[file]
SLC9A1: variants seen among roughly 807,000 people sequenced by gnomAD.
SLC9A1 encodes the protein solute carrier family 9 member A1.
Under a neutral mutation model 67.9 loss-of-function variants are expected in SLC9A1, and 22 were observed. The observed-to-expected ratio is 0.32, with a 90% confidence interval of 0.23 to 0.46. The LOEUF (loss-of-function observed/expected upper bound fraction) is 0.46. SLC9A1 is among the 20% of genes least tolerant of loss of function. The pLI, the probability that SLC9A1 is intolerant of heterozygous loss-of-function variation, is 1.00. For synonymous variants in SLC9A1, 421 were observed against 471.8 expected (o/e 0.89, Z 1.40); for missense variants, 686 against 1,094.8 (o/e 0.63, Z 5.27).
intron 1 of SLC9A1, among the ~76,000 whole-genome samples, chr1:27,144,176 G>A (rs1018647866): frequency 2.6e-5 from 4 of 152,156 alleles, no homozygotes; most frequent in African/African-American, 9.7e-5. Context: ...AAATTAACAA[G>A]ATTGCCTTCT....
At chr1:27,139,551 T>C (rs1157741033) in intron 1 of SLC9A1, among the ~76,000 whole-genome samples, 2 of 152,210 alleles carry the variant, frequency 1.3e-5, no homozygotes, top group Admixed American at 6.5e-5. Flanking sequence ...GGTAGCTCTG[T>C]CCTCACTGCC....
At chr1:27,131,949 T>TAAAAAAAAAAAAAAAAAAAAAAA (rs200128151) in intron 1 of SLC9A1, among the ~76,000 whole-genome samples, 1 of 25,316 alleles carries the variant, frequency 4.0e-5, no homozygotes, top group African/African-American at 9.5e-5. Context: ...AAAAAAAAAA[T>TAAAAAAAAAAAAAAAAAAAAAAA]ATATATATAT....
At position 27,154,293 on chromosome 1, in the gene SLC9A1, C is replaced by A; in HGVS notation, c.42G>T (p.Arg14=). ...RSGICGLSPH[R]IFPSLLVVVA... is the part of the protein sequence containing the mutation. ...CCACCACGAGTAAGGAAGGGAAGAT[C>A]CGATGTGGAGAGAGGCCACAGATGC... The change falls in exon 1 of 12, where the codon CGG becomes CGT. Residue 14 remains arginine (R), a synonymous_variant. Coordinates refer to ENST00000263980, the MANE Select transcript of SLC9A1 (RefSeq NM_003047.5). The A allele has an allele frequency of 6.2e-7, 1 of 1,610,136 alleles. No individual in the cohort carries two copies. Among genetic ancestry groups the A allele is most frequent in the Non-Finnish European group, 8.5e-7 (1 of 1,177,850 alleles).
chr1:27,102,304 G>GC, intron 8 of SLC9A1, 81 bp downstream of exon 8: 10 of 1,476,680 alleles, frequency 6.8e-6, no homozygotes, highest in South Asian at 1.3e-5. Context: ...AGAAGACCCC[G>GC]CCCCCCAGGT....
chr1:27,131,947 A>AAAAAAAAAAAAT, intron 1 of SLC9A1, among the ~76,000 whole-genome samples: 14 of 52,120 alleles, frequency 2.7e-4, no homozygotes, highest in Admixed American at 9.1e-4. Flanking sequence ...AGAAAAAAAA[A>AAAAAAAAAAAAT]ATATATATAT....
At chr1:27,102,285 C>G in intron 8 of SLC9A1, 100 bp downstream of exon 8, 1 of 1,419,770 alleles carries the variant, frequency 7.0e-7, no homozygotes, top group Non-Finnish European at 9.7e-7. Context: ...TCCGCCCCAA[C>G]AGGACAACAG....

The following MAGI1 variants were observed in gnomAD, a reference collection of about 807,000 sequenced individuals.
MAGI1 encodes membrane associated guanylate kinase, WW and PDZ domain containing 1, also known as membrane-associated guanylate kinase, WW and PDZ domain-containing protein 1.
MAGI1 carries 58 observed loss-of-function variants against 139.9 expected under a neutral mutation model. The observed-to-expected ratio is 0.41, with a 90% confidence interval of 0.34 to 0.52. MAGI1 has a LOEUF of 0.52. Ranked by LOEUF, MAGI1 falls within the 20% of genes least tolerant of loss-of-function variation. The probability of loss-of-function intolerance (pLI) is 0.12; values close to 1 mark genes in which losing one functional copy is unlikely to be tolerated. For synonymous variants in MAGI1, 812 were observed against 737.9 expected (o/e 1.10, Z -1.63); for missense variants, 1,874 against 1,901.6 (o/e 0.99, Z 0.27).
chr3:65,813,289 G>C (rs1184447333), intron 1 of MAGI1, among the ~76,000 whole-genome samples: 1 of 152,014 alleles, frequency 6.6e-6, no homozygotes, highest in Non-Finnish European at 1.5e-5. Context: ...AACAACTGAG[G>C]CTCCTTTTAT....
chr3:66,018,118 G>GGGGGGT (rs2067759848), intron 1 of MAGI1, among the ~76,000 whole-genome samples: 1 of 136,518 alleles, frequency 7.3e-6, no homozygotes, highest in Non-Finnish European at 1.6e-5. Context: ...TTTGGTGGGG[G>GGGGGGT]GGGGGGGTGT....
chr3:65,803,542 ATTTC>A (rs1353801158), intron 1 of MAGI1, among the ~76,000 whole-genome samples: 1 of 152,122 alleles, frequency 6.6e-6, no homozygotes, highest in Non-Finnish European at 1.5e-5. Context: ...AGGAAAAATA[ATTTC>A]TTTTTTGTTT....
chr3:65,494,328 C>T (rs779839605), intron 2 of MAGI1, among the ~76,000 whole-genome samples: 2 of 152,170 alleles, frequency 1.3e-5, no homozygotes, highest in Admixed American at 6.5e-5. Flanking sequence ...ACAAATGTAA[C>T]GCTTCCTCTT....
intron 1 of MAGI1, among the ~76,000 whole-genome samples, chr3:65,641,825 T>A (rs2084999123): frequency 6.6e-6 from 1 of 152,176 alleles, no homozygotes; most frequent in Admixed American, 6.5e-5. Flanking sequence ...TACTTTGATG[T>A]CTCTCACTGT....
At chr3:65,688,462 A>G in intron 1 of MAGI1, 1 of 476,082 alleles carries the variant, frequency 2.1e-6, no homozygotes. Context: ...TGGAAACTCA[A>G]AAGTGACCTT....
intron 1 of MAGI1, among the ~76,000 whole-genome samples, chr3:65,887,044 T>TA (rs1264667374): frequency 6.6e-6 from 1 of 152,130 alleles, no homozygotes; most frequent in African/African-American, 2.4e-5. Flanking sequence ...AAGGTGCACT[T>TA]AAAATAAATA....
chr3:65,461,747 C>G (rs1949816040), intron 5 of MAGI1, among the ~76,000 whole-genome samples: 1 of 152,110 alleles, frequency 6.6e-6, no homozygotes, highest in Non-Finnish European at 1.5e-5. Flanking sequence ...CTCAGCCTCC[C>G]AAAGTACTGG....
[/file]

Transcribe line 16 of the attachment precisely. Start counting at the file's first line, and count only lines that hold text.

chr3:65,803,542 ATTTC>A (rs1353801158), intron 1 of MAGI1, among the ~76,000 whole-genome samples: 1 of 152,122 alleles, frequency 6.6e-6, no homozygotes, highest in Non-Finnish European at 1.5e-5. Context: ...AGGAAAAATA[ATTTC>A]TTTTTTGTTT....